Bigger stocks and lower prices for corn and wheat are ahead, based on today's Agricultural Supply and Demand Estimates.
"The overall short story is basically bearish as of the early calls," said Jonah Ford, senior analyst at Ceres Hedge, on a Minneapolis Grain Exchange conference call.
For both crops, increased production and export competition from other countries are cutting into U.S. exports. More wheat is going into feed rations in response to strong corn prices and record-high global wheat production.
Here are highlights from USDA's supply-demand report:
Wheat: Projected U.S. domestic use is steady from last month and higher than in the past two years, but exports are down 50 million bushels from last month to 925 million. Projected ending stocks for 2011-12 increased 50 million bushels from last month to 878 million bushels, compared with 862 million last year and 976 million in 2009-10.
Projected global supplies are up 9.3 million metric tons from last month because of bigger stocks in Australia and Argentina and record-high world production at 689 million tons. Wheat prices are competitive with corn prices, so wheat feeding is up in several Asian countries and Mexico.
Corn: U.S. ending stocks are up 5 million bushels from last month to 848 million, offsetting lower projected food, seed, and industrial use. Sweetener demand for corn has been slightly lower this season.
Even though the U.S. corn crop is down from last year, global production is projected at a record-high 867.5 million tons. Production is up in China, the European Union, and Canada.
USDA lowered the 2011-12 season-average price projection 30 cents from last month to $5.90 to $6.90/bu.
"Corn prices received by producers have been reported 40 to 50 cents per bushels below prevailing cash market bids reflecting apparent deliveries of grain that was forward priced below $6/bu. ahead of planting this past spring," reported USDA.
Corn, Wheat Competition Continues
Ford expects the competition between corn and wheat to continue in the short term.
"There’s been some optimism in the past couple of weeks as far as the premium," he said. "Wheat and corn have been pretty much in lockstep since fall." Prices slipped into sideways ranges for both grains. Corn and wheat prices likely will trade around par value "until we get decisive fundamental shift," said Ford.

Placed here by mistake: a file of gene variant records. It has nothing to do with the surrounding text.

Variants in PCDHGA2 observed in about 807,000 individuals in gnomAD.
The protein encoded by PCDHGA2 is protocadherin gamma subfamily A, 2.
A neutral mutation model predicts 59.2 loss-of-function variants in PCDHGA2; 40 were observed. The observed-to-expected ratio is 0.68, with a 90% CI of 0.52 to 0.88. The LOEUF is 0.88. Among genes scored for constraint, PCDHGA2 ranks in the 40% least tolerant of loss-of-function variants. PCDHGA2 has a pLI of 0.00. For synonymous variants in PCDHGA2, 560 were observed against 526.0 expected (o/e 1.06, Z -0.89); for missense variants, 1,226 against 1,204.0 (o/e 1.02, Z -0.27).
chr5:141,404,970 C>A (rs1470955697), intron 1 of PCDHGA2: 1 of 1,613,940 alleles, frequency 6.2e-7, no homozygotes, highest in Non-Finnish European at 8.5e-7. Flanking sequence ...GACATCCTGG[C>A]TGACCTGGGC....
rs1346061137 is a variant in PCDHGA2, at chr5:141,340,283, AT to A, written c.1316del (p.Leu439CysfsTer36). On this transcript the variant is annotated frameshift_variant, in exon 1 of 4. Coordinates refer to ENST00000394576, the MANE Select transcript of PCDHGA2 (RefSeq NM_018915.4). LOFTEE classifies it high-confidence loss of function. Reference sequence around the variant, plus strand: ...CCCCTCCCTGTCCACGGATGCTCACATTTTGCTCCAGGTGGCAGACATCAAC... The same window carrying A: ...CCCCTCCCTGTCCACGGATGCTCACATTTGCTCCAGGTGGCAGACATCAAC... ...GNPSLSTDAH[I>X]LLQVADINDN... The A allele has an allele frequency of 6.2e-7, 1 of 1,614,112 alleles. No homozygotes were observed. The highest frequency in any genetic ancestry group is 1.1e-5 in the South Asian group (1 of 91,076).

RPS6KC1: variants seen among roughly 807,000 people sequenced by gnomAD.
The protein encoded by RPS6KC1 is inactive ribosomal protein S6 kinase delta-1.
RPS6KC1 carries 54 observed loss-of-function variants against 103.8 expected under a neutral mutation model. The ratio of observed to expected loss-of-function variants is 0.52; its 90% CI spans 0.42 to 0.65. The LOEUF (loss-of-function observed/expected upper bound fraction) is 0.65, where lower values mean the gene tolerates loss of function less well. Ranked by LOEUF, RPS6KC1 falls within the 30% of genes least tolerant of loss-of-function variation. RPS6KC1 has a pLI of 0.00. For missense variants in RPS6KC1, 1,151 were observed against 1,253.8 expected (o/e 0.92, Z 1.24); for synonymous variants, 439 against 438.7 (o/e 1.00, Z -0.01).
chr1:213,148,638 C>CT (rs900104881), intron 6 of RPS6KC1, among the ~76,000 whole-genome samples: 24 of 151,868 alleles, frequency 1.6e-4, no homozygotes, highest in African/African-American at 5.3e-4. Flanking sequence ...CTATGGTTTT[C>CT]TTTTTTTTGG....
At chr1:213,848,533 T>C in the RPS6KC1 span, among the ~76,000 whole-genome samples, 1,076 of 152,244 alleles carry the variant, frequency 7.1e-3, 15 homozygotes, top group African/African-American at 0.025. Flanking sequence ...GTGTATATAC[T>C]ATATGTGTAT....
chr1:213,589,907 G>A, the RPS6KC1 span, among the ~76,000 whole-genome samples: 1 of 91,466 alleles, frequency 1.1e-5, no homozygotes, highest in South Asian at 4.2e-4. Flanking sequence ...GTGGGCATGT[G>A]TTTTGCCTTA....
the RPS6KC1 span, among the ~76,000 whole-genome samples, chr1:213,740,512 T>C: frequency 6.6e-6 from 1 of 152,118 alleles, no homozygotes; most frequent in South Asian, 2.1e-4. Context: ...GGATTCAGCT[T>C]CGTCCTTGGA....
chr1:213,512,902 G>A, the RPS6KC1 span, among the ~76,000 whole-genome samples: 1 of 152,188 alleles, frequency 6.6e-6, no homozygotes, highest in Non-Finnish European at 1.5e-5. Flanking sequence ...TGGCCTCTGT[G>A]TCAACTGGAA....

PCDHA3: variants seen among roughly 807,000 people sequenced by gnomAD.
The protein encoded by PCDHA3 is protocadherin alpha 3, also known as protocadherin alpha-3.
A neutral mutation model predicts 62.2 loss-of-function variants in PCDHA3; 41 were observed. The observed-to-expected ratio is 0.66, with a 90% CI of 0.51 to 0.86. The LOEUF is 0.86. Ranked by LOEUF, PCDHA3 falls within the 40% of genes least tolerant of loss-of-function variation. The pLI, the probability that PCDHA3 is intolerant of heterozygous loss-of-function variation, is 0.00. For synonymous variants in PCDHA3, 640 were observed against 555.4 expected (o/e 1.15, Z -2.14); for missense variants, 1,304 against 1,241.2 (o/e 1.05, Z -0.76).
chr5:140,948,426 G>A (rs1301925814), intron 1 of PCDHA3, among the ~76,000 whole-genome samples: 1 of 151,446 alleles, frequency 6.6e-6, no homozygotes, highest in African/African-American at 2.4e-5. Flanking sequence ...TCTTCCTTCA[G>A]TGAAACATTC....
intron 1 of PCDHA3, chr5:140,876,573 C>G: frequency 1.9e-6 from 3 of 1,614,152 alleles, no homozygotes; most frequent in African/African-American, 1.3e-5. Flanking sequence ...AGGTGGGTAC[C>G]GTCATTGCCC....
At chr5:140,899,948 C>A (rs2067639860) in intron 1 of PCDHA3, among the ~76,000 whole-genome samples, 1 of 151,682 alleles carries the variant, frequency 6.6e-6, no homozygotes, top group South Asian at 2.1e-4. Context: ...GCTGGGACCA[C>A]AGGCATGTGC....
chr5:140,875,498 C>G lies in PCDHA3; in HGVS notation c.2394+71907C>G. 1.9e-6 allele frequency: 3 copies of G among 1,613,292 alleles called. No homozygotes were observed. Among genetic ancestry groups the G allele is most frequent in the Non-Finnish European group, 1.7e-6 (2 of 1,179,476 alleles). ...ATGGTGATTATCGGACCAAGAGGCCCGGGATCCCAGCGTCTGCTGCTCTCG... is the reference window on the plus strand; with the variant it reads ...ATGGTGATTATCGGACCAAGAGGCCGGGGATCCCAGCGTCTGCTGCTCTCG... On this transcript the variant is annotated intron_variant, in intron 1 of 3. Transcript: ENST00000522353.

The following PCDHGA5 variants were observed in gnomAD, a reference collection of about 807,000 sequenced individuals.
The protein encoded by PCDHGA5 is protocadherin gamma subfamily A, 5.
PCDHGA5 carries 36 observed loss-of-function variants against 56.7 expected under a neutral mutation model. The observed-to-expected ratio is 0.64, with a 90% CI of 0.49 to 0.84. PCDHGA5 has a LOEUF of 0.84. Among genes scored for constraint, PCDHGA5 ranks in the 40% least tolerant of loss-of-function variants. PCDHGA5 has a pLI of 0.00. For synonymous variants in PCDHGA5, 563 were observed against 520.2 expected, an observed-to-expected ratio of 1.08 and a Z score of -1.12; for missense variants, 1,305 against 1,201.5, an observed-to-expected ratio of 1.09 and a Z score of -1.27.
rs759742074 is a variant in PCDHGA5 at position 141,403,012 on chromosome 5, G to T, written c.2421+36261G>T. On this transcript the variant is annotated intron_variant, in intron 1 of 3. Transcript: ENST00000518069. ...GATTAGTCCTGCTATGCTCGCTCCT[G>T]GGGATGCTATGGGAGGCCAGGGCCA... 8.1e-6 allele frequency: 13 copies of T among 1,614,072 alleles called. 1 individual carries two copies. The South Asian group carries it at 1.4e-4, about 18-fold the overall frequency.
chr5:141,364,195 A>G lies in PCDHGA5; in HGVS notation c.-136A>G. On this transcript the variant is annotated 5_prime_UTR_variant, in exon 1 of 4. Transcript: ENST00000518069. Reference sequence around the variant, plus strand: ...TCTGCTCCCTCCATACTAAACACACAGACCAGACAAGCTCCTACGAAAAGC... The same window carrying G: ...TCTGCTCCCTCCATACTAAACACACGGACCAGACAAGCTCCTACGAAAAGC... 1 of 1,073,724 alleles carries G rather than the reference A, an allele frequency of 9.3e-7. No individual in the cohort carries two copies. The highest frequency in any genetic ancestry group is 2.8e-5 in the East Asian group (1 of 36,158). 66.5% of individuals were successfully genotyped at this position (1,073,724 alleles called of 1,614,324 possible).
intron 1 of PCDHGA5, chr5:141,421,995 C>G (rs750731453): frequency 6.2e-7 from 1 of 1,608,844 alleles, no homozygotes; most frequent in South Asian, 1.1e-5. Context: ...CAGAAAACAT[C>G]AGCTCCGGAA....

"We had a really tight corn crop last year, and it's showing up in prices now," he said. Going into the spring Planting Intentions report, he expects corn prices to stay strong to attract acres.
International Price Balance
Jacinto Fabiosa, an international livestock analyst at Iowa State University, said changes in feed demand for wheat in place of corn tend to be short-term but can last more than a season.
"In the long run, we believe that because of the strong substitutability of these grain products, the price will not move away from each other on a sustained basis," said Fabiosa.
Volatile Outside Forces
Market volatility likely will stay closer to historical trading ranges than it did in summer.
However, Ford says, "I don’t expect it to be very quiet. We have ea lot of outside influences in grains." Traders are moving in and out of commodities to manage financial risks. "That will keep the volatility cranked up to some degree," but he expects seasonally light grain market news during winter to temper volatility.
In wheat markets, said Ford, "I expect high protein wheat (prices) to continue to hold strong." Minneapolis futures have lost some of their premium, but are still at least $2 higher than Chicago.
Although the initial calls for futures after the report were 10 to 15 cents lower for corn and 20 to 30 cent lower for wheat, Ford limited the prospects for pressure.
"I don’t expect a downward spiral," he said. "I just think we'll pull out of these record price channels."
For More Information
December WASDE Report Coverage
See all of the report numbers and analysis from today's World Agricultural Supply and Demand Estimates and Crop Production reports.